Welcome again to The Driverless Commute, presented by the global law firm Dentons, a weekly digest clocking the most important technical, legal and regulatory developments shaping the path to full autonomy.
1. Robbing Peter to pay Paul
Autonomous ridesharing will eliminate highway gridlock; be more efficient than well-worn transit modes, like buses; and be cheaper than personal car ownership.
And it’ll all happen in 5 years. Or 10. Or 30.
With no genuine consensus about how and when the driverless revolution will arrive, you can understand the creeping panic that’s begun to consume urban transportation planners and transit advocates who say that cities are trading important short- and mid-term mobiliy solutions for half-baked forecasts that ultimately may never arrive.
That tension—policymakers’ pursuit of an equilibrium between transit solutions that meet today’s needs and strategic long-term investments in hyped, but as yet unproven, technologies—is the subject of a new piece this week in the New York Times:
“In Indianapolis, Detroit and Nashville, opponents of major transit investments have argued that buses and trains will soon seem antiquated. In Silicon Valley, politicians have suggested something better and cheaper is on the way. As New York’s subway demands repairs, futurists have proposed paving over all that rail instead for underground highways.
“Autonomous cars have entered policy debates—if not car lots—with remarkable speed. And everyone agrees that making the wrong bets now would be costly. Cities that abandon transit will come to regret it, advocates warn. Driverless car boosters counter that officials wedded to ’19th-century technology’ will block innovation and waste billions. …
“If you believe that autonomous cars will compete with transit rather than complement it—or that autonomous ride-hailing will give cities that never built transit something like it—there is appeal in holding out now.”
Indeed, conservative groups in the US have begun leveraging the futuristic promise of autonomy to defeat transit plans in traffic-plagued cities like Nashville, TN, and Little Rock, AR, where voters roundly rejected ballot proposals to expand light-rail and buses.
Cities’ inflexibility in planning for driverless cars could cost them hundreds of millions in economic activity, but in this era of municipal austerity will taxpayers be comfortable with city councils making such huge bets?
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2. The Auto(nomous)bahn
- The government of New South Wales, Australia, will deploy two driverless shuttle pilots aimed at students and the elderly later this year, it announced this week.
- Waymo has logged a total of 8 million autonomously driven miles on public roads, more than double the number it had managed to accrue as of last November. The dramatic acceleration is possible because its 600-minivan fleet, which will grow exponentially over the next two years as it folds in new purchases from Chrysler and Jaguar, is driving 25,000 miles every day.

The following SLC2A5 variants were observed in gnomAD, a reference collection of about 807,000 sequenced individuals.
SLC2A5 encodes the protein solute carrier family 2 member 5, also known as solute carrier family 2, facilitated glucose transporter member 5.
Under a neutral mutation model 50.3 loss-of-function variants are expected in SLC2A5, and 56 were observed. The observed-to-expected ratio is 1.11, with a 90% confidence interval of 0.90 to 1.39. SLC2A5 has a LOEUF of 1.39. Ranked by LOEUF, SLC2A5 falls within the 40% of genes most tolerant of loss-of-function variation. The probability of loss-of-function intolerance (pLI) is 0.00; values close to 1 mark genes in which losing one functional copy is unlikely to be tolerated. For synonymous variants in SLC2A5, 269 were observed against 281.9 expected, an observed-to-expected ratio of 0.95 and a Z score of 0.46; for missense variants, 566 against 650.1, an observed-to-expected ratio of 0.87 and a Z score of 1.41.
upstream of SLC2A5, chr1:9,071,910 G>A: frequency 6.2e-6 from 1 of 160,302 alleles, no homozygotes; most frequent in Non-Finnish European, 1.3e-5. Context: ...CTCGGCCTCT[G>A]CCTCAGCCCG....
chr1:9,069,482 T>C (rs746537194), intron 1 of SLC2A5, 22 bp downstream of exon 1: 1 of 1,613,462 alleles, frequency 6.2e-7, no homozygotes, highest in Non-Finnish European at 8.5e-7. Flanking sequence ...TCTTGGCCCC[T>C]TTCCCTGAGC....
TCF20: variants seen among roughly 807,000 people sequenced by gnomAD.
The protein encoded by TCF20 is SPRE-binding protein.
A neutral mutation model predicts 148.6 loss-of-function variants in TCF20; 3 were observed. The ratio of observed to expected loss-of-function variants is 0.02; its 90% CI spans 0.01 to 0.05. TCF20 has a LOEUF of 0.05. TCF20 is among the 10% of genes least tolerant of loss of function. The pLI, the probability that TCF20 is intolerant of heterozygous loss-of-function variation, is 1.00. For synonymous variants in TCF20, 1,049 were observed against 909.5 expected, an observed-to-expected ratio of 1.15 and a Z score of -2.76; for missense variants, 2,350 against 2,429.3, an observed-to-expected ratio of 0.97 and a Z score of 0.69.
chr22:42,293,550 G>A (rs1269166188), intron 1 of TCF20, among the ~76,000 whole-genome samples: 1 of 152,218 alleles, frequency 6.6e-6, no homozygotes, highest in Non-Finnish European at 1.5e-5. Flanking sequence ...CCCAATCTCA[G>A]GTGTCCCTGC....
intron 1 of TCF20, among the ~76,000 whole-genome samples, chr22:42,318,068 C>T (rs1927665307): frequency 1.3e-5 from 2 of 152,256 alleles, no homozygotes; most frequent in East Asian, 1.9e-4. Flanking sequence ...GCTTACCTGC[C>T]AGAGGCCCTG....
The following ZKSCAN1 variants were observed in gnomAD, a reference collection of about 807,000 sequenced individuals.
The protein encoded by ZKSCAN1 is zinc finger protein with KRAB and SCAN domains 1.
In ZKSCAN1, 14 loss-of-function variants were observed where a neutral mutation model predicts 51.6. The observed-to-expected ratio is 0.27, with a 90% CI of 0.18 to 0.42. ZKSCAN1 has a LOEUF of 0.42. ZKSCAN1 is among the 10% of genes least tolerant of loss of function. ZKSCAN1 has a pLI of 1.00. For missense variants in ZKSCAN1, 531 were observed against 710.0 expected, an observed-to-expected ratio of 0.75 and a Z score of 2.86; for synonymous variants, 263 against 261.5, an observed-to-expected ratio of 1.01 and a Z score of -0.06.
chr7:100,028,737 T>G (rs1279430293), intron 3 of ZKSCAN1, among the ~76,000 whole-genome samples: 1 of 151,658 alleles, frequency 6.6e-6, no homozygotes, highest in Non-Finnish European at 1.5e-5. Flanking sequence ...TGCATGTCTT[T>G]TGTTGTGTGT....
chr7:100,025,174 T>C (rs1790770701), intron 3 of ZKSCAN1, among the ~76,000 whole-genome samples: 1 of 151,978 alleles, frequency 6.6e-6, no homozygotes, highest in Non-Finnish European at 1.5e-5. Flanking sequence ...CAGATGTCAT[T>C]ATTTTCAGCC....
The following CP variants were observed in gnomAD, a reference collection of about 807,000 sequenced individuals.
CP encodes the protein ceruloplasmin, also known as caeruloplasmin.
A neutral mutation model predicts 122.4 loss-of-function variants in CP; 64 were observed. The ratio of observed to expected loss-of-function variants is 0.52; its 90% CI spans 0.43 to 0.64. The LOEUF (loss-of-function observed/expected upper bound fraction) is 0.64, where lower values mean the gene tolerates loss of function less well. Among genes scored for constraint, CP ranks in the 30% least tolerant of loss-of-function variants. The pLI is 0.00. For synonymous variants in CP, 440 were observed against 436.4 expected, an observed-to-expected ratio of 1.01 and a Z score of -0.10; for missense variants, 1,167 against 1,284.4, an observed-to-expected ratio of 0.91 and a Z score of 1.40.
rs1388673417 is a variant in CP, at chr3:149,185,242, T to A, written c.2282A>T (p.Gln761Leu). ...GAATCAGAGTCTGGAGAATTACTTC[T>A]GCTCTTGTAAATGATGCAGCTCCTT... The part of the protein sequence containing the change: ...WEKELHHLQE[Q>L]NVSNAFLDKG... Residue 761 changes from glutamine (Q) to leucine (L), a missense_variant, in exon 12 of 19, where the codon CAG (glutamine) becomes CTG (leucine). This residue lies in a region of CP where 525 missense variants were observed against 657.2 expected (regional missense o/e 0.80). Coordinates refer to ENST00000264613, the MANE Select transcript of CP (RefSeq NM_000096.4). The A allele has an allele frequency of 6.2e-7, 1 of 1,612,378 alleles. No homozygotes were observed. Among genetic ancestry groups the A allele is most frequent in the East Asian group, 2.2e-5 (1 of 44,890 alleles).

- Putting the tractor out to pasture: Japanese diesel engine maker Yanmar is launching a line of autonomous farm equipment.
- Apple has grown its fleet of driverless cars in California by 11 vehicles, bringing its total number of experimental cars to 66.
- Voyage, the senior mobility-focused AV startup, has hired as its first chief technology officer an engineer steeped in some of Silicon Valley’s most notable driverless initiatives.
- This parking reservation service is helping to prepare garages for driverless cars.
3. Consumer appetites as driverless tea leaves?
A new global survey of drivers from 28 countries has found that Indians are the most eager to see driverless cars navigating their roadways.
Researchers tracked general-if-cautious interest in the technology across the developed world, but enthusiasm was especially pronounced in Asian nations like India, where road accidents are responsible for some 400 deaths per day.
Even as consumer safety advocates in the West grouse that driverless cars are nowhere near road-ready, headlines about a crashes—including some fatal ones—have not tempered interest and desire in Asia. In fact, roughly half of Indians told pollsters they want a driverless car.
Could a willingness to overlook early stumbles in testing and deployment give the East—especially China, whose government has already normalized national testing rules and whose technology sector is close on the heels of Silicon Valley’s—an advantage over the risk-averse West?
4. Don’t wait for the news once a week
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The Console monitors, digests and packages everything of consequence to your business: television and radio chatter, social media scoops, legislative and regulatory activity, legal filings, acquisitions and white papers.
A service of Dentons’ 3D Global Affairs, which yokes traditional legal capabilities to government affairs, corporate competitive analysis and strategic communications, The Console mines the public record to populate an easy-to-navigate platform. Click here to request a no-obligation demonstration of the service with James and Eric.